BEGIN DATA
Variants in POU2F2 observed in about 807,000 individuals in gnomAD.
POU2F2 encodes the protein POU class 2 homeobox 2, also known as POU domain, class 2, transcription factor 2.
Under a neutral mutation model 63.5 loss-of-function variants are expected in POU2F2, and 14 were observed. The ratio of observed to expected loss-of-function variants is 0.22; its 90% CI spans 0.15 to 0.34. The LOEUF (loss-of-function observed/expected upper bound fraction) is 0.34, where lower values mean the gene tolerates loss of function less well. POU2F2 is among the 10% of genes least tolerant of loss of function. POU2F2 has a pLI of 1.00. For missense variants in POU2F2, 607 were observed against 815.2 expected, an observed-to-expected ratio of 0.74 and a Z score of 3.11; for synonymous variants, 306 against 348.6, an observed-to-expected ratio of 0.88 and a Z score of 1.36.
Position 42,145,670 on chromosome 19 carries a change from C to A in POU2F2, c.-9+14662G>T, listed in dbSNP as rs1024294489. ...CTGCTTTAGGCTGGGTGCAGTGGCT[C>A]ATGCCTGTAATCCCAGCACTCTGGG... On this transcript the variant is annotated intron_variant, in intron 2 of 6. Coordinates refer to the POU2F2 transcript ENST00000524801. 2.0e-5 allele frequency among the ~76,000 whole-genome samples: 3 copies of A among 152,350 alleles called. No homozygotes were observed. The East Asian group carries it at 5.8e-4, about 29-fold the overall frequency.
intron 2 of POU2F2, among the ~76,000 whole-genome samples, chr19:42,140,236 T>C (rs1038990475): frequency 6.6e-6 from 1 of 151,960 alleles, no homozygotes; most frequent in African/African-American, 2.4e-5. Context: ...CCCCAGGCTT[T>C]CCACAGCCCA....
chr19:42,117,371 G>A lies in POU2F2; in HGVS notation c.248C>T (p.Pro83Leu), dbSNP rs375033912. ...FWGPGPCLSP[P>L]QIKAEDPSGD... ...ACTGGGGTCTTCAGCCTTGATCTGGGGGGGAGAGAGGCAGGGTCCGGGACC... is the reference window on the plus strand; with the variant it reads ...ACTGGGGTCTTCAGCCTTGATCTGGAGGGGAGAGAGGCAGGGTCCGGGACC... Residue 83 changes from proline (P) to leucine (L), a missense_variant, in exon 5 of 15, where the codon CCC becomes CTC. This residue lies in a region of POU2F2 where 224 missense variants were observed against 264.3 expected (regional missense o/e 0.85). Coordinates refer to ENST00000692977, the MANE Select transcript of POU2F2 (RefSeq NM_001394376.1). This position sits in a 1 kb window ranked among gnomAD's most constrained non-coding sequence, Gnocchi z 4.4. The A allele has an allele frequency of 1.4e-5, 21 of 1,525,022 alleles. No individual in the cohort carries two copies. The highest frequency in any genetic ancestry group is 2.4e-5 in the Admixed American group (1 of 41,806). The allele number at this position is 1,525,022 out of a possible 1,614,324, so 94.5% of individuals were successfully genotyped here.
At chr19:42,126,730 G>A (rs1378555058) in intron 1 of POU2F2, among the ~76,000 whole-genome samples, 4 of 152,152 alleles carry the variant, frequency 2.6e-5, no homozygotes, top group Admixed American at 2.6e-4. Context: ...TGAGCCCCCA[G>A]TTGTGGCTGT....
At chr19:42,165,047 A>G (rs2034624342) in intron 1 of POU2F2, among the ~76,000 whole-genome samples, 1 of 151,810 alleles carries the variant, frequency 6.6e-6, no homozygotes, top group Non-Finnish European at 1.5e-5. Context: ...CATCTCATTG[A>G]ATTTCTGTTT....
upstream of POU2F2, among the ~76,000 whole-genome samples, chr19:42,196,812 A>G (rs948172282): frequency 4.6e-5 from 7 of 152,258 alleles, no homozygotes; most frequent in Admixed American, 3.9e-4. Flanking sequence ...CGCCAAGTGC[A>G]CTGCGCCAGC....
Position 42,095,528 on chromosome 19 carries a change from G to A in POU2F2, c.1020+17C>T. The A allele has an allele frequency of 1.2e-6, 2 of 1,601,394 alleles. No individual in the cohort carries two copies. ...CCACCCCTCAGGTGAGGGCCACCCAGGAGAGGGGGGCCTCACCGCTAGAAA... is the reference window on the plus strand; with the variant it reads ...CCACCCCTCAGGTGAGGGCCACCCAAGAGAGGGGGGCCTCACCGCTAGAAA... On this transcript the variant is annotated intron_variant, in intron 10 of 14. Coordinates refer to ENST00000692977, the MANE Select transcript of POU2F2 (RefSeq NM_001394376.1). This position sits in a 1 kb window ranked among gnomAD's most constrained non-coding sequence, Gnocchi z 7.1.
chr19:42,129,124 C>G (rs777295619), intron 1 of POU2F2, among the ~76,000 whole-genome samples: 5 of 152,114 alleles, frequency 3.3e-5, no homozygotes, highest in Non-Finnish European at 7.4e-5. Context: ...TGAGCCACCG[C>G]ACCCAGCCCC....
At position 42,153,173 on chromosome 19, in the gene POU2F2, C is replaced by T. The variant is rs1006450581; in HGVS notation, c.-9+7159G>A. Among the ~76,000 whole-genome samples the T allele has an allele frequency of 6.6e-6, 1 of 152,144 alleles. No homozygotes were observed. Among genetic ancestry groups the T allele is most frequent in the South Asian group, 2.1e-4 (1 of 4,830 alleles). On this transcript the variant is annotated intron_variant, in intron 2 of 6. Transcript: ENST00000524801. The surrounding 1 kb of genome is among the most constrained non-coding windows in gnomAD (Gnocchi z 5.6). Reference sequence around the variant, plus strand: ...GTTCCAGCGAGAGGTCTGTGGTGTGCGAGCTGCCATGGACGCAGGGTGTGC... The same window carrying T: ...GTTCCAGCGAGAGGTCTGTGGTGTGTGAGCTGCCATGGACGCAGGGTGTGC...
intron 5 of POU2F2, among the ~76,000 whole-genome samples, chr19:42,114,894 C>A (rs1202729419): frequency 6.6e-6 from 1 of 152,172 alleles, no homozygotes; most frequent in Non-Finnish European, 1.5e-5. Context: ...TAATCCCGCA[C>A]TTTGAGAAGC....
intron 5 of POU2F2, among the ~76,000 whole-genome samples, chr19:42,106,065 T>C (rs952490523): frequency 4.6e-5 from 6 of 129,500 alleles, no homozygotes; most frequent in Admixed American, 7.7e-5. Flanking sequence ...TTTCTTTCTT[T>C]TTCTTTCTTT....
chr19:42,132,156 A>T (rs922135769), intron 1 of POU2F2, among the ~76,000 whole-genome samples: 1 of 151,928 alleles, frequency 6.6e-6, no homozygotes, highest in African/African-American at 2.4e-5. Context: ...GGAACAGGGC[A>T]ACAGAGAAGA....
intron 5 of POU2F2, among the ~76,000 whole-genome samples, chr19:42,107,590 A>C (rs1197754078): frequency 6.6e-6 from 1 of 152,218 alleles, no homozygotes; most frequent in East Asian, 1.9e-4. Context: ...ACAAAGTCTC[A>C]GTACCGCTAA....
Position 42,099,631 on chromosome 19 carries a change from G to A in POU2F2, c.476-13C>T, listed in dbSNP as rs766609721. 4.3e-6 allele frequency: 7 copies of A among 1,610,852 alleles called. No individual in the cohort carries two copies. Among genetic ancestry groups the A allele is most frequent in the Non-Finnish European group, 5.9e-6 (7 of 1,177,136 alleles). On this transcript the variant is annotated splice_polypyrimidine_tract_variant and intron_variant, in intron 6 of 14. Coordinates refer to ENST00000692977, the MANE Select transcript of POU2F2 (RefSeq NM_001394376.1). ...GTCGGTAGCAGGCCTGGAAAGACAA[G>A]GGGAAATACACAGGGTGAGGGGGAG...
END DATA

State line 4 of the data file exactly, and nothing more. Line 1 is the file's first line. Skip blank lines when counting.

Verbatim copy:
Position 42,145,670 on chromosome 19 carries a change from C to A in POU2F2, c.-9+14662G>T, listed in dbSNP as rs1024294489. ...CTGCTTTAGGCTGGGTGCAGTGGCT[C>A]ATGCCTGTAATCCCAGCACTCTGGG... On this transcript the variant is annotated intron_variant, in intron 2 of 6. Coordinates refer to the POU2F2 transcript ENST00000524801. 2.0e-5 allele frequency among the ~76,000 whole-genome samples: 3 copies of A among 152,350 alleles called. No homozygotes were observed. The East Asian group carries it at 5.8e-4, about 29-fold the overall frequency.